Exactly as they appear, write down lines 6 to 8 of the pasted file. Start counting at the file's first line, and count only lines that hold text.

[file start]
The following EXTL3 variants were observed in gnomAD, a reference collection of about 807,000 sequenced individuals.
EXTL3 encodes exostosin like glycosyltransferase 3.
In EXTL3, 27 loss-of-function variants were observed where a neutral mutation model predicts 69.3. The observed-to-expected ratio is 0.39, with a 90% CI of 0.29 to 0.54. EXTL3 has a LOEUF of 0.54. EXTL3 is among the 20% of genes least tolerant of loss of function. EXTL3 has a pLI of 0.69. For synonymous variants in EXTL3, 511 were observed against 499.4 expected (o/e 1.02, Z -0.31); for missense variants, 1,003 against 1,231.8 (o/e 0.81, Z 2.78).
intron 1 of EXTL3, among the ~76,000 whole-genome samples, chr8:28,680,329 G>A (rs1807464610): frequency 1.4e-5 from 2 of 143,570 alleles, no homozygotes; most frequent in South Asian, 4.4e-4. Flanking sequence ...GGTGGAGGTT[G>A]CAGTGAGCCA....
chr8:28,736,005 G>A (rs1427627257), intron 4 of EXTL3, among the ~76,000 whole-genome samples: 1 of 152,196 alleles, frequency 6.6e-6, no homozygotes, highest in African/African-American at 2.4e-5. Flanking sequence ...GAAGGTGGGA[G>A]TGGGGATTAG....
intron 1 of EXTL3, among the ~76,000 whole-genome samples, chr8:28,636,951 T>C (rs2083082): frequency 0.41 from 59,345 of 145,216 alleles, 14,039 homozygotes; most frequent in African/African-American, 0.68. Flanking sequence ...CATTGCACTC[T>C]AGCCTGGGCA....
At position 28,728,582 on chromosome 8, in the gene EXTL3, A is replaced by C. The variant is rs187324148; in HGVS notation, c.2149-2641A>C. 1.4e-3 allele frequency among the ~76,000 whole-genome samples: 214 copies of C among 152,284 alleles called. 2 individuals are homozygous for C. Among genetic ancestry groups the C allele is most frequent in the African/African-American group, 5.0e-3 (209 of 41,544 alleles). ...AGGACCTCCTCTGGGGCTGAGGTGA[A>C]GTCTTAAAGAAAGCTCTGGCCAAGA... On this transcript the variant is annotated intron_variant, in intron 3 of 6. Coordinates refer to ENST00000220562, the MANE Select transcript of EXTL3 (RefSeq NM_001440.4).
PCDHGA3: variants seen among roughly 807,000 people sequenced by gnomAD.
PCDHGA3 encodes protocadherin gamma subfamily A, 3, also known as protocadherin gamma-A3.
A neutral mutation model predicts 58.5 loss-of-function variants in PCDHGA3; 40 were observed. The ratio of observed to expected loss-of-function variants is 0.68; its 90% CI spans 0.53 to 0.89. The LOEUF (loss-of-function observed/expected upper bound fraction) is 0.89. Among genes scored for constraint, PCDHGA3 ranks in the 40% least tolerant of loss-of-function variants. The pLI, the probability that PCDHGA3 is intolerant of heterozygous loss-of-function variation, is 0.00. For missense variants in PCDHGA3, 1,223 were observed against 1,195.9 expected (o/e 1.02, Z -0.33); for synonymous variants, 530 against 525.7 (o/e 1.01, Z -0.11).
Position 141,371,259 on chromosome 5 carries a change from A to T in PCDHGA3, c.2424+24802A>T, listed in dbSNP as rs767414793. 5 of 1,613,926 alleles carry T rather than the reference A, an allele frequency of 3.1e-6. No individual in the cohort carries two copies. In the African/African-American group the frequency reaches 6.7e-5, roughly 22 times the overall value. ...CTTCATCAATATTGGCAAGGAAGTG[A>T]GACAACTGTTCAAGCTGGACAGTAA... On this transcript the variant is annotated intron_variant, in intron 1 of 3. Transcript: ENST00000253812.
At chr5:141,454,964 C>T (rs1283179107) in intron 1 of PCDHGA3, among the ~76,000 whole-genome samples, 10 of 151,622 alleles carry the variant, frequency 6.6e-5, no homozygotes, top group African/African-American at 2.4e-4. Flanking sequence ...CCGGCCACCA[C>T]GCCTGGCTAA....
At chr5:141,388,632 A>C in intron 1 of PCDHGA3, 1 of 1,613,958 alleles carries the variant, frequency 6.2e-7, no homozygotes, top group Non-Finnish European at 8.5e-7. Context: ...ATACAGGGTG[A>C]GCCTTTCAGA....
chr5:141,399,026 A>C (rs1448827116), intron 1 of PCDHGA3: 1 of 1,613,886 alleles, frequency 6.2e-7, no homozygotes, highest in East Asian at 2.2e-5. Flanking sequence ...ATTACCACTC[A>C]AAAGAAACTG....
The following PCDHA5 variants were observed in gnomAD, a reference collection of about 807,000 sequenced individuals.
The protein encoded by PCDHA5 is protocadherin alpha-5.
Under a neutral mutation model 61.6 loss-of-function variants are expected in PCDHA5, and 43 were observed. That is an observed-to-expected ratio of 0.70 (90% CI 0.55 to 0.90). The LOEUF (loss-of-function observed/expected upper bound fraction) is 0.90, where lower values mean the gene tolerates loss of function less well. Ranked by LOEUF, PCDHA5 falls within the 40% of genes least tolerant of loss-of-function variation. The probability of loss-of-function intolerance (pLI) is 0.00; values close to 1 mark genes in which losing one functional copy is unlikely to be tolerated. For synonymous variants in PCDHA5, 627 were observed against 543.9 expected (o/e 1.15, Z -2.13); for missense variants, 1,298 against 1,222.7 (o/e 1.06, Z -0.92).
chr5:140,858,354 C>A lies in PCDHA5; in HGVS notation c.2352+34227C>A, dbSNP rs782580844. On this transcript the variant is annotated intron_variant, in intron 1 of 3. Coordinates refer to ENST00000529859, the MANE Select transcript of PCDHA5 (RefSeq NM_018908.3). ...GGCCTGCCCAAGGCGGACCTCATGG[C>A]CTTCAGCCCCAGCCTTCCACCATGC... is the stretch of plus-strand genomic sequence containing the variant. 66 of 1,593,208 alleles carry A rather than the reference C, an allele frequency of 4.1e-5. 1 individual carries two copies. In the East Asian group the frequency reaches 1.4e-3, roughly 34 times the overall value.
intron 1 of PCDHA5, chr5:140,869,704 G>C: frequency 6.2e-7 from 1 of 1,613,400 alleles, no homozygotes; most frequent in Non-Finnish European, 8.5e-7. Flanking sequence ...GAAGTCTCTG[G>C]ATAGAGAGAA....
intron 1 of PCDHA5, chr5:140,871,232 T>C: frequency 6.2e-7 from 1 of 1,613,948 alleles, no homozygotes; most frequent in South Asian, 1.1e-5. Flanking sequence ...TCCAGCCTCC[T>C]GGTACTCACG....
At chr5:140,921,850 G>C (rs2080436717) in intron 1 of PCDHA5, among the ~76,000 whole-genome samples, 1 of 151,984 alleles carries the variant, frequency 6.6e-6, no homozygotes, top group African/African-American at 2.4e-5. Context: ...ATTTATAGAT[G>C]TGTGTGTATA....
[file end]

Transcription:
intron 1 of EXTL3, among the ~76,000 whole-genome samples, chr8:28,636,951 T>C (rs2083082): frequency 0.41 from 59,345 of 145,216 alleles, 14,039 homozygotes; most frequent in African/African-American, 0.68. Flanking sequence ...CATTGCACTC[T>C]AGCCTGGGCA....
At position 28,728,582 on chromosome 8, in the gene EXTL3, A is replaced by C. The variant is rs187324148; in HGVS notation, c.2149-2641A>C. 1.4e-3 allele frequency among the ~76,000 whole-genome samples: 214 copies of C among 152,284 alleles called. 2 individuals are homozygous for C. Among genetic ancestry groups the C allele is most frequent in the African/African-American group, 5.0e-3 (209 of 41,544 alleles). ...AGGACCTCCTCTGGGGCTGAGGTGA[A>C]GTCTTAAAGAAAGCTCTGGCCAAGA... On this transcript the variant is annotated intron_variant, in intron 3 of 6. Coordinates refer to ENST00000220562, the MANE Select transcript of EXTL3 (RefSeq NM_001440.4).
PCDHGA3: variants seen among roughly 807,000 people sequenced by gnomAD.